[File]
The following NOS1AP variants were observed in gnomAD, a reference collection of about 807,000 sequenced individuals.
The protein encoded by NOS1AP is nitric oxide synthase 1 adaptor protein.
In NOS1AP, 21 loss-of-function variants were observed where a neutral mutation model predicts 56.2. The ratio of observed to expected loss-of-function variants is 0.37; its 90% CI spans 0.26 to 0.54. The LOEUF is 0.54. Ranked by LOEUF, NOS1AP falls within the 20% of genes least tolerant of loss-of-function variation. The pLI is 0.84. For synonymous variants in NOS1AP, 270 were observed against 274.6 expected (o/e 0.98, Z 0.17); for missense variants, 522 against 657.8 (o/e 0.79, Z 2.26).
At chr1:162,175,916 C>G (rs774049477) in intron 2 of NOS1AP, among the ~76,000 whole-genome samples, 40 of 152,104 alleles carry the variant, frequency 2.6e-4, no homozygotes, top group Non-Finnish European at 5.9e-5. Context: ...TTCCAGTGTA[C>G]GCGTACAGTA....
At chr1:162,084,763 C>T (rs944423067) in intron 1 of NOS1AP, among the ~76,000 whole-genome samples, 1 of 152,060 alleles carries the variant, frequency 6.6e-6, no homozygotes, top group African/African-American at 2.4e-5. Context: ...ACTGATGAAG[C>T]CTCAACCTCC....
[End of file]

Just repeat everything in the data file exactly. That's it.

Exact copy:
The following NOS1AP variants were observed in gnomAD, a reference collection of about 807,000 sequenced individuals.
The protein encoded by NOS1AP is nitric oxide synthase 1 adaptor protein.
In NOS1AP, 21 loss-of-function variants were observed where a neutral mutation model predicts 56.2. The ratio of observed to expected loss-of-function variants is 0.37; its 90% CI spans 0.26 to 0.54. The LOEUF is 0.54. Ranked by LOEUF, NOS1AP falls within the 20% of genes least tolerant of loss-of-function variation. The pLI is 0.84. For synonymous variants in NOS1AP, 270 were observed against 274.6 expected (o/e 0.98, Z 0.17); for missense variants, 522 against 657.8 (o/e 0.79, Z 2.26).
At chr1:162,175,916 C>G (rs774049477) in intron 2 of NOS1AP, among the ~76,000 whole-genome samples, 40 of 152,104 alleles carry the variant, frequency 2.6e-4, no homozygotes, top group Non-Finnish European at 5.9e-5. Context: ...TTCCAGTGTA[C>G]GCGTACAGTA....
At chr1:162,084,763 C>T (rs944423067) in intron 1 of NOS1AP, among the ~76,000 whole-genome samples, 1 of 152,060 alleles carries the variant, frequency 6.6e-6, no homozygotes, top group African/African-American at 2.4e-5. Context: ...ACTGATGAAG[C>T]CTCAACCTCC....